Little did I realize how cunning were the intentions of the pseudo-magnanimous Eli Lilly and Company (not to mention all the other Big Pharma companies) that were obviously, in retrospect, trying to buy my loyalty so early in my career.

Because I spent the last decade of my career providing holistic, non-drug, mental health care to patients (who sometimes identified themselves as “psychiatric survivors”), I became increasingly aware of the dark side of the psycho-pharmaceutical industry.

In taking careful, time-consuming histories from my patients (who knew they were being sickened by their drugs), I learned that most of what had been previously diagnosed as a permanent “chronic mental illness” (“of unknown cause” but still “needing life-long medication”) was in fact just a temporary affliction that just needed good counseling and a brain-healthy diet and not brain-altering, potentially addicting, life-long medications.

Virtually all of my patients had been initially – and wrongly – diagnosed with a new mental illness diagnosis, and then, after they had tried to cut down on their drugs, had again been wrongly diagnosed as having a “relapse” of their “mental disorder” rather than suffering with a dangerous drug-withdrawal syndrome – an iatrogenic disease (a doctor-caused or treatment-caused problem).

Rather than suffering from mental illnesses “of unknown cause”, virtually every one of my patients was actually suffering from identifiable emotional stresses “of known cause” (and therefore preventable and also more logically treatable).

My patients were actually undiagnosed victims of psychological trauma in childhood or adolescence, domestic abuse or military trauma. Therefore I did a lot of teaching about the reality of posttraumatic stress disorder (PTSD) and how easy it is for health caregivers to make erroneous diagnoses of “mental illnesses of unknown etiology” if not enough time is taken in the initial interview. I also taught my patients and their concerned families about the physiology and pathophysiology of the brain at the synapse level, the mechanisms of action of the various drugs and the molecular structures of the drugs that were sickening them.

But the most time-consuming and difficult part of my practice was the process of helping them slowly taper down and hopefully off of their offending brain-altering medications. Success at drug withdrawal is difficult to predict because psychiatric drug-afflicted patients may have been on their medications for years or decades, in bewildering numbers of cocktail combinations (none FDA-approved or tested for safety even in the rat labs). Most of my patients had become dependent/addicted to the offending drugs, so adverse withdrawal effects were common.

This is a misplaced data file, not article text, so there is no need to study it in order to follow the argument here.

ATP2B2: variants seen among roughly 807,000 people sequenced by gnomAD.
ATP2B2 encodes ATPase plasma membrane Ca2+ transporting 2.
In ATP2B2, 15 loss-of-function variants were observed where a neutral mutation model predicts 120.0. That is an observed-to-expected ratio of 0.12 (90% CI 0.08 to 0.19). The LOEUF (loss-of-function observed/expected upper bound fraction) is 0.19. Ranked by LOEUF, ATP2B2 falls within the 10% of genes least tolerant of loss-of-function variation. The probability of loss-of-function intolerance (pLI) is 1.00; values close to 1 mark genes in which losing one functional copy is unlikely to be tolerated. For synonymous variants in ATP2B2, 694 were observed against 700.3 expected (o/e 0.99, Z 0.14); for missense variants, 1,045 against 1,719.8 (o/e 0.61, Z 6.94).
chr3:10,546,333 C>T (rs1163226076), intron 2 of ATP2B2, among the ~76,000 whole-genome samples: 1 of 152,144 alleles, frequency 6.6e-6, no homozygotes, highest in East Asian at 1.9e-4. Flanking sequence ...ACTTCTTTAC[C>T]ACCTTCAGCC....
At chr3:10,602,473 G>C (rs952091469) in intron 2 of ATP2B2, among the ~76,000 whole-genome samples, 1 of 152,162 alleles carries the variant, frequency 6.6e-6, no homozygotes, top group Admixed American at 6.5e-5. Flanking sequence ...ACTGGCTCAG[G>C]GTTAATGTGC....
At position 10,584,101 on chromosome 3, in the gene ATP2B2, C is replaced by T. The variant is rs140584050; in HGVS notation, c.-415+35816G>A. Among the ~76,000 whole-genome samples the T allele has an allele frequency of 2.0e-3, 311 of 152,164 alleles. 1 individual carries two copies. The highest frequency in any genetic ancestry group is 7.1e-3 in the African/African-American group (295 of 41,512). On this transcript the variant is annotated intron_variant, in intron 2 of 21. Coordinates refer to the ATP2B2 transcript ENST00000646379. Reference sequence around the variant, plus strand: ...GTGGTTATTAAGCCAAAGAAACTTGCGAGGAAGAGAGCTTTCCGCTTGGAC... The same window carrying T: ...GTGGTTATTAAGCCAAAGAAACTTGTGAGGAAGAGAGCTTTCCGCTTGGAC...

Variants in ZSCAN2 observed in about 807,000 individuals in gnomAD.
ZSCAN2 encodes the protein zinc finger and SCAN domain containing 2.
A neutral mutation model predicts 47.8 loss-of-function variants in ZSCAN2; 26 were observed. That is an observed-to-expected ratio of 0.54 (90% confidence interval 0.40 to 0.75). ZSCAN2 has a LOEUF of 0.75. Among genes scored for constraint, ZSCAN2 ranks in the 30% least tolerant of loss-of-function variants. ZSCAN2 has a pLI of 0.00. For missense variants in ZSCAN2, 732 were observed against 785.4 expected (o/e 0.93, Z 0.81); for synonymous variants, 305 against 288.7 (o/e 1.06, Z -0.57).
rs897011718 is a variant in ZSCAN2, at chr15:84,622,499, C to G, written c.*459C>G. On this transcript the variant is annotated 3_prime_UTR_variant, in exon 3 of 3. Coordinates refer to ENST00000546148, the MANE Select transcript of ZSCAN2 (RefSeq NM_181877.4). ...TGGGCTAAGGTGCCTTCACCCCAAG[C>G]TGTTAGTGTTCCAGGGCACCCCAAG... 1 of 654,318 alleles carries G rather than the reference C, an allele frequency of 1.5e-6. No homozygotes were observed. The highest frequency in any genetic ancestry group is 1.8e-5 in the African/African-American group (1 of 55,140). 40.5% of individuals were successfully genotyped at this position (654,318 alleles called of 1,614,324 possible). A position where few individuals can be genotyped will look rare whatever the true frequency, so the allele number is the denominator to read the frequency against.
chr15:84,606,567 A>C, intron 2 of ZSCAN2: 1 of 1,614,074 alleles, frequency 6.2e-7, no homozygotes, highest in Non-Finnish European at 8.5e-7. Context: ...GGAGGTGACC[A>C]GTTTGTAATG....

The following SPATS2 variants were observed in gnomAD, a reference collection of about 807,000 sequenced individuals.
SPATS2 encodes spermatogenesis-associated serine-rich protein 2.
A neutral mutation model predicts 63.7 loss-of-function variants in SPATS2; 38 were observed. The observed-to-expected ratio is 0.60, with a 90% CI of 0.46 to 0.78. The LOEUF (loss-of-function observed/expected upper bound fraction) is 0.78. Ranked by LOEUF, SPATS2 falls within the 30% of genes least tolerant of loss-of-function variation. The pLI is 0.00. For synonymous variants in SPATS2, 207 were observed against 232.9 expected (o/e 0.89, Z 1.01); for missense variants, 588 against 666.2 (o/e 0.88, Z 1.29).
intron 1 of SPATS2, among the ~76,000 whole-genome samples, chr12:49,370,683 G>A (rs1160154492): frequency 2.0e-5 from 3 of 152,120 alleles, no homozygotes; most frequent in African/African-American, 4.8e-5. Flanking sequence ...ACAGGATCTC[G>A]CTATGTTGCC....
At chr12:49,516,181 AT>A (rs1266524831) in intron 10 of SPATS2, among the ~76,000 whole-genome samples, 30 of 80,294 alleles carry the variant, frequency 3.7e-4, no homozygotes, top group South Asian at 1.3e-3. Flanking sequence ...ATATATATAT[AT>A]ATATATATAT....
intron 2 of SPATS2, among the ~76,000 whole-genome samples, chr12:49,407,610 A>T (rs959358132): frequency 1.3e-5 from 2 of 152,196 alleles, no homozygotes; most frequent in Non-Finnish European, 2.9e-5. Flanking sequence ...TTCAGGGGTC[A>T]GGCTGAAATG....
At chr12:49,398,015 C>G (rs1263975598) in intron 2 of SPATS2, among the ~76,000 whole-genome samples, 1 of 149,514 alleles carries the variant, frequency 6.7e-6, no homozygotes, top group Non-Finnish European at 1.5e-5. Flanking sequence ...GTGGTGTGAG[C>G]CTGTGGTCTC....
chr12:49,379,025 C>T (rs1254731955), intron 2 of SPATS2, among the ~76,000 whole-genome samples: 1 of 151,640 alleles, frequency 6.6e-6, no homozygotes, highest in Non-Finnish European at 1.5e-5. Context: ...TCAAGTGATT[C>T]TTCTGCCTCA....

My purpose here is not to try to outline the multitude of ways that patients can be helped to get off of their psych drugs; each case was unique and therefore each case had to be individualized. Any attempt to generalize about how patients can be helped to get through drug withdrawal syndromes is difficult or impossible, because of the many variables involved.

Among the variables that need to be considered are age, gender, intrauterine (maternal) drug, vaccine or alcohol exposures, breast-feeding (or not), infant or childhood vaccine-induced neurological damage, history of family-rearing traumas that would include neglect or sexual, physical, emotional and spiritual traumas, physical health, prior and current drug use (both illicit and prescription), past or current nutritional deficiencies, past or present toxic food ingestion, exposure to environmental toxins (pollutants in air, water, soil or food), history of head trauma, history of adolescent vaccine-induced brain damage, etc.

Therefore it is impossible to outline how any given psychotropic drug-wounded and mis-diagnosed psychiatric patient can be helped to reverse the damage, but I do feel it is my duty to warn as many people as I can so that they can become aware that there are alternatives to psychotropic drugs or electroshock.